Cumbria County Council is urging the Government to address "years of underfunding" in Cumbria’s rail network.
Tenders will go out later this month to run the Northern and TransPennine Express franchises from February 2016.
The council's calls for an improved service in the new franchises include:
- greater frequency and capacity of passenger services on the Cumbrian Coast Line
- an increase in the number of direct services to Manchester International Airport from Barrow, Windermere and from the Anglo-Scottish route
- Increase in the frequency of trains on the Tyne Valley Line between Carlisle and Newcastle so that there is a half hourly service
The council has criticised the current franchise, saying that it is 'not fit for purpose' in some areas.
“We are on the cusp of seeing what exactly we’re going to get in our rail services for the next decade. We have been lobbying hard for improvements and telling Government we need to see ambition, incentives for growth and flexibility in those tenders.
"The last franchises awarded in 2004, locked us into a poor quality service which did nothing to encourage investment and could not cope with the growth in passenger numbers. The result is a rail network which in some areas is not fit for purpose compared with other networks across the country,”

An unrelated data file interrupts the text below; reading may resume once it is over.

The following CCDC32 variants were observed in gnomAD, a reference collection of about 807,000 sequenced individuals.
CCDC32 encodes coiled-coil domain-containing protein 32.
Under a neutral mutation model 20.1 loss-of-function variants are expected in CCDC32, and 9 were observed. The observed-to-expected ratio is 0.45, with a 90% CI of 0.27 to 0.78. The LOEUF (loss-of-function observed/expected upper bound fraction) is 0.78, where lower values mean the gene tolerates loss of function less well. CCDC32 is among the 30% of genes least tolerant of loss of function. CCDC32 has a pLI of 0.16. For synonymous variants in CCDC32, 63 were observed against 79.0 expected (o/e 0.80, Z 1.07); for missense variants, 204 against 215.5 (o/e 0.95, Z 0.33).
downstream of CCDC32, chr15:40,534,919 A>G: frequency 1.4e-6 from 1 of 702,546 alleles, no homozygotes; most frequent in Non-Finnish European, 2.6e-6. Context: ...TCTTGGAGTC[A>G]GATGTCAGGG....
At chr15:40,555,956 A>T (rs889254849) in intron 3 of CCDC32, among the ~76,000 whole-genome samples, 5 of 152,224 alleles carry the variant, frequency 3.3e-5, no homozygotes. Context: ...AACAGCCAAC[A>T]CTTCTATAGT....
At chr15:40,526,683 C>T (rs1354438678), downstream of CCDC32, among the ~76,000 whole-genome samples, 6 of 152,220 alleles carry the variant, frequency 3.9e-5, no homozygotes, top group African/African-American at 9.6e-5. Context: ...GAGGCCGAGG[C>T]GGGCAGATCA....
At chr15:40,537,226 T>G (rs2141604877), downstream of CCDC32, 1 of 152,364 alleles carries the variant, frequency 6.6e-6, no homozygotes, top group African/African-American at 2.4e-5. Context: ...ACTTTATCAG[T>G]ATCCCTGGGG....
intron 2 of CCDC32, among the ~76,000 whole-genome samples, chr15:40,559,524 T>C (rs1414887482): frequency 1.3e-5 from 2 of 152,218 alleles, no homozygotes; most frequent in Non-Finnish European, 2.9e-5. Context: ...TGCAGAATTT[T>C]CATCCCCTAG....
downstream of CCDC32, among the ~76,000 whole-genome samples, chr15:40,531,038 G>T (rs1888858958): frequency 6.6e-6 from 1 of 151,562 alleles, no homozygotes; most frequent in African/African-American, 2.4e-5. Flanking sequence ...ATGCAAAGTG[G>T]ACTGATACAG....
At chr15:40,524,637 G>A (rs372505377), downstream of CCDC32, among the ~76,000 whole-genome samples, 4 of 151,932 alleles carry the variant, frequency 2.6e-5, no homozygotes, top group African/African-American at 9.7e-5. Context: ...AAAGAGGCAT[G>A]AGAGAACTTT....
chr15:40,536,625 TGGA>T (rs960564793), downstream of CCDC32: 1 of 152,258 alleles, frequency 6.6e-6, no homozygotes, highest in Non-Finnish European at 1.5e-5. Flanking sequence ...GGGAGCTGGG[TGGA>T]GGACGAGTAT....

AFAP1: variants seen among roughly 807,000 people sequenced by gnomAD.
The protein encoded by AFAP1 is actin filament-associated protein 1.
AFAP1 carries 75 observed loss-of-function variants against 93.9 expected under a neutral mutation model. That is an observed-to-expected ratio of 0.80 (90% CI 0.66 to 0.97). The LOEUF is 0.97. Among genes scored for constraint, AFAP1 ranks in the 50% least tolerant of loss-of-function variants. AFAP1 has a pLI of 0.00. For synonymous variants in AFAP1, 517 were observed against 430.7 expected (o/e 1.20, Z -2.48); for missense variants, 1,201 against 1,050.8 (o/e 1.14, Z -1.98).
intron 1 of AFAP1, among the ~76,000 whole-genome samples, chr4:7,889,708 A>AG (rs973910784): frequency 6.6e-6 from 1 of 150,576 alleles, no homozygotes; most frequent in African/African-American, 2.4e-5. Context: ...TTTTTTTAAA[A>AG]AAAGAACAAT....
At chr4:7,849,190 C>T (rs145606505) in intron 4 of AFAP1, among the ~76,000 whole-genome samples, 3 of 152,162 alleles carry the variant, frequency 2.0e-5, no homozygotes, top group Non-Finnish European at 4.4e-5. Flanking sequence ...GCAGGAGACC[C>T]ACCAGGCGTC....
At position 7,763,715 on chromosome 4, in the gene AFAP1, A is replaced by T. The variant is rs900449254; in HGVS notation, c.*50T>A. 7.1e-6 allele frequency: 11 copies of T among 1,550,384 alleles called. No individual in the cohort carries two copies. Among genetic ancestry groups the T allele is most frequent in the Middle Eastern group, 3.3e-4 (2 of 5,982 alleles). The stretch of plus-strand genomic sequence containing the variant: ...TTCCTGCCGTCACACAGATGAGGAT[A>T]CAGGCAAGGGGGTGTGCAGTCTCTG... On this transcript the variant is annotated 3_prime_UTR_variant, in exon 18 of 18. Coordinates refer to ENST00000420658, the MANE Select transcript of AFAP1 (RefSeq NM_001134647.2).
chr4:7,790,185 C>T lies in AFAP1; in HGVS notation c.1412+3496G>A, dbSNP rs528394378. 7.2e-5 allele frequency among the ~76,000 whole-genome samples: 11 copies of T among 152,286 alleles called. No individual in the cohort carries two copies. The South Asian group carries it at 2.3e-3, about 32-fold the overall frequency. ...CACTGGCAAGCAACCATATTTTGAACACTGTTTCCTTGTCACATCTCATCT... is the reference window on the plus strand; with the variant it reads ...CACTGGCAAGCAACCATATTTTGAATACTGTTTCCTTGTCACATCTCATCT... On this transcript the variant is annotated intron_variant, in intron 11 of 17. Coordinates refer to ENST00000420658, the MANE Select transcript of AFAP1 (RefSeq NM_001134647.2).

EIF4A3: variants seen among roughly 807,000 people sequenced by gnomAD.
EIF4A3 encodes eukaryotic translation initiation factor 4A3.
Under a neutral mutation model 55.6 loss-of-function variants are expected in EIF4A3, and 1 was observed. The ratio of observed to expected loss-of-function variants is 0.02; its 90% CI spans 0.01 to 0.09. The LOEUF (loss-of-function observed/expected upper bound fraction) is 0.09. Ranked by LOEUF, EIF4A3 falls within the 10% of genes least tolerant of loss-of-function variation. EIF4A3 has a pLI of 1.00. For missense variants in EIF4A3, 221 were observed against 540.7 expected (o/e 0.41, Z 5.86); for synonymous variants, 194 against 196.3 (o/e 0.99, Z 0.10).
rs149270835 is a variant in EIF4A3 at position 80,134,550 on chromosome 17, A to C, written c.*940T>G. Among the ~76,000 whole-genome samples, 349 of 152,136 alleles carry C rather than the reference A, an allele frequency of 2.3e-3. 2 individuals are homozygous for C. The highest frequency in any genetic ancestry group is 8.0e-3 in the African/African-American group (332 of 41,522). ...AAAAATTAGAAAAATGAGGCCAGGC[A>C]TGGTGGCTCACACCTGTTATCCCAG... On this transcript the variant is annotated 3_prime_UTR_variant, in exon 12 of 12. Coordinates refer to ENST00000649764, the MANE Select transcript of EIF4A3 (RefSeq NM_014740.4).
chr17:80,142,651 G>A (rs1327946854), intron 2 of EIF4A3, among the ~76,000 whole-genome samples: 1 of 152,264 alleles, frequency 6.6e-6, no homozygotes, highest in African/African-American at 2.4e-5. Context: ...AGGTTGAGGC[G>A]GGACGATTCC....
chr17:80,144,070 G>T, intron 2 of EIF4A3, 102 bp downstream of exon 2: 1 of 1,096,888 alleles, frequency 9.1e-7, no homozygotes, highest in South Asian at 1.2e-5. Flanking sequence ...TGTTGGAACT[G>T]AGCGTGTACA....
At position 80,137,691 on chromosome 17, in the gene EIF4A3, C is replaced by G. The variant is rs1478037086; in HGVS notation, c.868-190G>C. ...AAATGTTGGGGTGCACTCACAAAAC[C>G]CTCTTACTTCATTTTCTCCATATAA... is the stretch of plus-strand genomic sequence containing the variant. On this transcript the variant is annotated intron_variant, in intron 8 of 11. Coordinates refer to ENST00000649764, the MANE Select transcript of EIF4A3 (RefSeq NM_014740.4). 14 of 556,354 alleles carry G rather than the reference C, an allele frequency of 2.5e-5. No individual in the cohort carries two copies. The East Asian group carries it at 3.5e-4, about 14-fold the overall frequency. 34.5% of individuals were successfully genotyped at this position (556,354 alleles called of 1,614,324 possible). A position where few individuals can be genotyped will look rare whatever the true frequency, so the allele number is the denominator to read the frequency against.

A draft budget that would save more than £30 million will go before councillors today.
Cumbria County Council's Cabinet is being asked to consider approving £326 million worth of cuts to its budget for 2015/2016.
The Cabinet's recommendations will be presented for final approval to the Full Council on 19 February.
The council is encouraging Cumbrians to download a free ‘Fill That Hole" app to report potholes.
The app allows users to take a picture of the pothole and report it from the kerbside.
The app then sends that data to Cumbria County Council’s highways teams.
“Whilst our highways hotline is a successful way of reporting potholes, we know that many people use their smartphones more and more these days and we are embracing this culture shift by endorsing ‘Fill That Hole’.
“This app has helped us to identify more potholes that need attention. We are hard at work tackling potholes every day and I encourage people to download the app and report any potholes they see. After all, if we don’t know about them we can’t fill them!”
The number of payouts for damage caused by potholes went up last year in Cumbria.
272 claims were made against the Cumbria County Council for damage caused to their vehicles, a rise of 22 from the following year.
Only 15% of claims were successful, with the council paying out £16,000 in compensation.
Cumbria County Council has welcomed news plain cigarette packaging could come into force in England by 2016.
The government has announced MPs will vote on the plan before the General Election in May.
If it passes, the law will mean packets need to be dull brown outside, and white inside.
The legislation won't apply to Scotland - unless Holyrood introduces similar rules.
Cumbria County Council has organised two more drop-in sessions for people to discuss its plans for £2 million of investment on roads in the Lakes.
People can give their views and ideas at events being held on:
- Tuesday 20 January, 11am-2pm, at Windermere Room at Brockhole, Lake District Visitor Centre.